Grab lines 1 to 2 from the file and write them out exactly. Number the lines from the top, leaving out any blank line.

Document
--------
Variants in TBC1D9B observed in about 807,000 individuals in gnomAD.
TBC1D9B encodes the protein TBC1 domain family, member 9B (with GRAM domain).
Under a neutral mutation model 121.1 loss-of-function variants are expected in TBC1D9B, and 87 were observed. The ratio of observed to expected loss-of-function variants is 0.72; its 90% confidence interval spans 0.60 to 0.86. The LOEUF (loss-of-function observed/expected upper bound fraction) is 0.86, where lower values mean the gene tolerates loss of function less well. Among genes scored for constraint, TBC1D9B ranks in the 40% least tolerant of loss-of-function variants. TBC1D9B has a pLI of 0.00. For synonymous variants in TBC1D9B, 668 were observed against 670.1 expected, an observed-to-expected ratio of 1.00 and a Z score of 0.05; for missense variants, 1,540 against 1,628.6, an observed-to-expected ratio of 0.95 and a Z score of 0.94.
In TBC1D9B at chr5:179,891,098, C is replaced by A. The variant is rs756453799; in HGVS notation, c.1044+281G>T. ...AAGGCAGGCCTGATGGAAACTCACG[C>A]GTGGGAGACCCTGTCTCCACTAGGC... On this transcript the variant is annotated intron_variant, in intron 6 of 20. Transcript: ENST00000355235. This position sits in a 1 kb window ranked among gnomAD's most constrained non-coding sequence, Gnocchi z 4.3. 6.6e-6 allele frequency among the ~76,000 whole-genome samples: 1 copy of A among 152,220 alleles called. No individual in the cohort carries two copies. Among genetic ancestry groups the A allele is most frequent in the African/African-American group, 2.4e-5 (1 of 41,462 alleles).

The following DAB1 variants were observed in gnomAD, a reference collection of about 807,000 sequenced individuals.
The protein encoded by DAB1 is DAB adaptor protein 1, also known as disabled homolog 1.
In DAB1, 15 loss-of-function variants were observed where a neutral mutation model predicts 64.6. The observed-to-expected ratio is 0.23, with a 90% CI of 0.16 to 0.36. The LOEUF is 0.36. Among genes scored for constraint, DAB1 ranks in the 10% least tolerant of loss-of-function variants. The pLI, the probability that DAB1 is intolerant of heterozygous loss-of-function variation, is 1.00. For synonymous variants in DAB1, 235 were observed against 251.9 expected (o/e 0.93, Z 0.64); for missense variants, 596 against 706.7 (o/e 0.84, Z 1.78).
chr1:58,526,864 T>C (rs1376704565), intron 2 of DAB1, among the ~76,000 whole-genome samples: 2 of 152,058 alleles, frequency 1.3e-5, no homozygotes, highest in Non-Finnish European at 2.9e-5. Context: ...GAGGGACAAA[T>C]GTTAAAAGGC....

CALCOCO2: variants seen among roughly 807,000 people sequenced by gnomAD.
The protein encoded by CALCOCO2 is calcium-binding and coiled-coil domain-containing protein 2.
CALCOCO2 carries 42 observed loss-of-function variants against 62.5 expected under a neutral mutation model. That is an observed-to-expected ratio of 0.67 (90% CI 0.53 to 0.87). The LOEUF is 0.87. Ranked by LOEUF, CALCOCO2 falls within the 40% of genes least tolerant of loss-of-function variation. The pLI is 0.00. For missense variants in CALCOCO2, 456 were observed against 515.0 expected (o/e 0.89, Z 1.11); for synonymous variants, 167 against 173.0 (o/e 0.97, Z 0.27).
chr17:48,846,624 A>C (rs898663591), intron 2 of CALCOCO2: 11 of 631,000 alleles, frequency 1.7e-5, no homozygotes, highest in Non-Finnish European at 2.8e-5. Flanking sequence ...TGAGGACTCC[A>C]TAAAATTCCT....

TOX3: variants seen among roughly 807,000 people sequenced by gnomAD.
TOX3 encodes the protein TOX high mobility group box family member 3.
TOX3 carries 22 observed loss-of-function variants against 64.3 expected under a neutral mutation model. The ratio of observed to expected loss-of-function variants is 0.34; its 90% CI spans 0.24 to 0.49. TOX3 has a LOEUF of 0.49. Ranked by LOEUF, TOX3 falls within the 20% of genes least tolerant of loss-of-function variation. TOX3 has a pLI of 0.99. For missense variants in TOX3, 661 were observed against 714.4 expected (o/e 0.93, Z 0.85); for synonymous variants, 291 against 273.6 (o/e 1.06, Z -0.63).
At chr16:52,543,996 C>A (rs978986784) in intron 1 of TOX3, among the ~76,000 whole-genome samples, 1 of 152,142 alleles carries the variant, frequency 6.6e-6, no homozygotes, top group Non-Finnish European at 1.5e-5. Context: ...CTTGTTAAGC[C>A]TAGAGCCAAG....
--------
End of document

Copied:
Variants in TBC1D9B observed in about 807,000 individuals in gnomAD.
TBC1D9B encodes the protein TBC1 domain family, member 9B (with GRAM domain).